Last year at this time, three steps was exhausting and had to take a nap afterwards. I was unable to walk, barely able to stand, learning how to speak, finding proper words, and wanted to sleep all the time, but I couldn't because my physical terrorists made me move...not to mention crying nonstop.
Today, I can do most of what I need to do with only one or two one-hour long naps during the day. Blessed be the Magical Spot in the center when I'm most productive...usually the first two hours upon rising from sleep. Being able to recognize this time and energy relationship is a godsend.
I can plan around it daily for actually accomplishing things. All the major physical things that have to be done in all our daily lives which take the most energy like bathing, cooking, gardening, and shopping is done during this time.
If you haven't had the turmoil of recovering from a stroke, then think of it as running a 125K marathon and how you feel afterwards. That bone tired, exhausted state where even the thought of taking one more step is impossible and it takes every fiber of your being to do it. It helps to schedule your time to figure out when this will happen and work with it.
Why is "talent" in the circle? Because learning to do with paralyzed or hemi-paralyzed (I can't remember the proper term for this) body that's thinking outside the box to figure out how to function. That in itself is exhausting. I mentioned last week about what I have to go through with each step I take. This goes on with anything I do with my stroke affected side.
But the important thing is I do!
I drive albeit rarely by myself and with adaptive equipment. I have a steering knob and since the hinge has been put in my AFO and my dorsiflex has somewhat returned, with my right foot.
Although I do drive with both feet to save confusion. My left foot deals with the brake instead of me trying to reposition my AFO clad foot. Similar to driving a clutch transmission, but considering I was doing all of the driving with my left foot only, braking in smoother.
I write albeit not without difficulty. I may write 600 to 1200 words per week towards my book, which is a big improvement over not being able to write. Some words are even ingrained in my memory now and no longer misspell them. Nuances of grammar are coming back to me with nocturnal visits from Abby (my Abby Normal subconscious brain in sleep). Now there's Jack too (my Jack of all trades side) doing weddings. You gotta love the subconscious brain. I've still got a long way to go and may never be the editor or minister I once was. It will get done.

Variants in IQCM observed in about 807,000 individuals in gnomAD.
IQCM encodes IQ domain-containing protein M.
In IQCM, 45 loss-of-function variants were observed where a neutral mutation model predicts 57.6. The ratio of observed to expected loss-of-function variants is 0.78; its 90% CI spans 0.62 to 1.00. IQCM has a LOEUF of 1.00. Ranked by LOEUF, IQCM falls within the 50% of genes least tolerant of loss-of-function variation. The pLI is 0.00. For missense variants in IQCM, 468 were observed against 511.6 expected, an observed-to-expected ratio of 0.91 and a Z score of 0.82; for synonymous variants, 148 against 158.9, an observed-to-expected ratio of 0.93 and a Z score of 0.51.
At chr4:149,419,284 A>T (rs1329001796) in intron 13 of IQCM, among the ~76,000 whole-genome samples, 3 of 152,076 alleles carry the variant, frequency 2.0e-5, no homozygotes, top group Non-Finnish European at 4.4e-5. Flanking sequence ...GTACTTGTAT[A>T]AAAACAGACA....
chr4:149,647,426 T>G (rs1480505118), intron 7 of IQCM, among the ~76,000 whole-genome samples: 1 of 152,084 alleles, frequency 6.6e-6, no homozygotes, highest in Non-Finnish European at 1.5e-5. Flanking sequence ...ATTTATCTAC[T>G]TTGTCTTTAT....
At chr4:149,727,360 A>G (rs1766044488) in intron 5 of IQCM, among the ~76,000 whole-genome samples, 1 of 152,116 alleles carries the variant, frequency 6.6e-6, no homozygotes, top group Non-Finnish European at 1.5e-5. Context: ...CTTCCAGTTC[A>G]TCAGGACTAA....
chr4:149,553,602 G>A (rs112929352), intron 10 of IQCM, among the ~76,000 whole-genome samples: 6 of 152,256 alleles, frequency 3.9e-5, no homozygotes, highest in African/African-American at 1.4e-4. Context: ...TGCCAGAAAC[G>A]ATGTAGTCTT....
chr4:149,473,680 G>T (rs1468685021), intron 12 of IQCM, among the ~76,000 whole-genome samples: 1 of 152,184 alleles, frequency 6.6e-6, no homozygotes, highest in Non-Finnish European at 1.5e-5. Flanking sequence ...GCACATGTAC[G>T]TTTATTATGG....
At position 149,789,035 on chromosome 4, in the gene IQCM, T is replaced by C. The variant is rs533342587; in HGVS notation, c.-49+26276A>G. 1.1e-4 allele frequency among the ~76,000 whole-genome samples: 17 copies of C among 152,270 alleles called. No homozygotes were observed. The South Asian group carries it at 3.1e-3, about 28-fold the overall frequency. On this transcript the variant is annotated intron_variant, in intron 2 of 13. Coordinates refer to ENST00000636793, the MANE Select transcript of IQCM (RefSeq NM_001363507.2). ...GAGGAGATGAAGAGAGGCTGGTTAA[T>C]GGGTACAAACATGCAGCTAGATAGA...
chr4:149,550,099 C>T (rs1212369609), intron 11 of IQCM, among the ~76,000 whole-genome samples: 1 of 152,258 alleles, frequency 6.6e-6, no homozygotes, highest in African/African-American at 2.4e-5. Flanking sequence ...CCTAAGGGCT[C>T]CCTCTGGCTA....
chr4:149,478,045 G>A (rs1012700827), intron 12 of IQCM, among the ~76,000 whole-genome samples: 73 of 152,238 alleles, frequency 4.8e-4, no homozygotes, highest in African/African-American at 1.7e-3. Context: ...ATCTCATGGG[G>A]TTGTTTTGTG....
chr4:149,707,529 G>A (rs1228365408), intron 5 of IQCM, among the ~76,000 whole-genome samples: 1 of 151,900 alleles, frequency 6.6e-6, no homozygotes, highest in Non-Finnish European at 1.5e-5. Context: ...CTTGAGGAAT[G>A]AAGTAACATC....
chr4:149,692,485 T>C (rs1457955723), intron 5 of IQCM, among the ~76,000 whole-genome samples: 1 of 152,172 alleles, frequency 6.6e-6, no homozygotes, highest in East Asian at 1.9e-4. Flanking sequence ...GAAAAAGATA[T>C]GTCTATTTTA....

|Yes, I finally broke down & bought one.|
With my garden producing corn, squashes, tomatoes, cucumbers, and beans it was just easier to buy one of these new fangled, adaptive cutting boards with all of its bells and whistles. My royalty money put to good use. It's even a tax deduction too. I've proven to myself I can do without it. It was time. My expectations of getting my arm and hand back to full use by now was unrealized. That's not to say my expectations are fruitless just not realized at this point in time. I am going to still work towards that goal.
So its the simplified life of juggling time, energy, and talent to help me achieve my new sense of normalcy. Thanks to many encouraging blogs, comments, and emails, I realize my life is just beginning again. A year post stroke in recovery. I may not be as good as I once was, but I'll be as good as I can be for the given point in time.
I've gained acceptance over things I cannot change right now, but strive for a better tomorrow. The past is the past and cannot change. The only thing I can do is look at today and try to make it better than yesterday, but not as good as tomorrow. Tomorrow will bring new challenges to face and is never the same as today because it is now the past. I may not get the restored energy I had before my stroke but working around my time, energy, and talent constraints help me work towards goals.
Nothing is impossible with determination.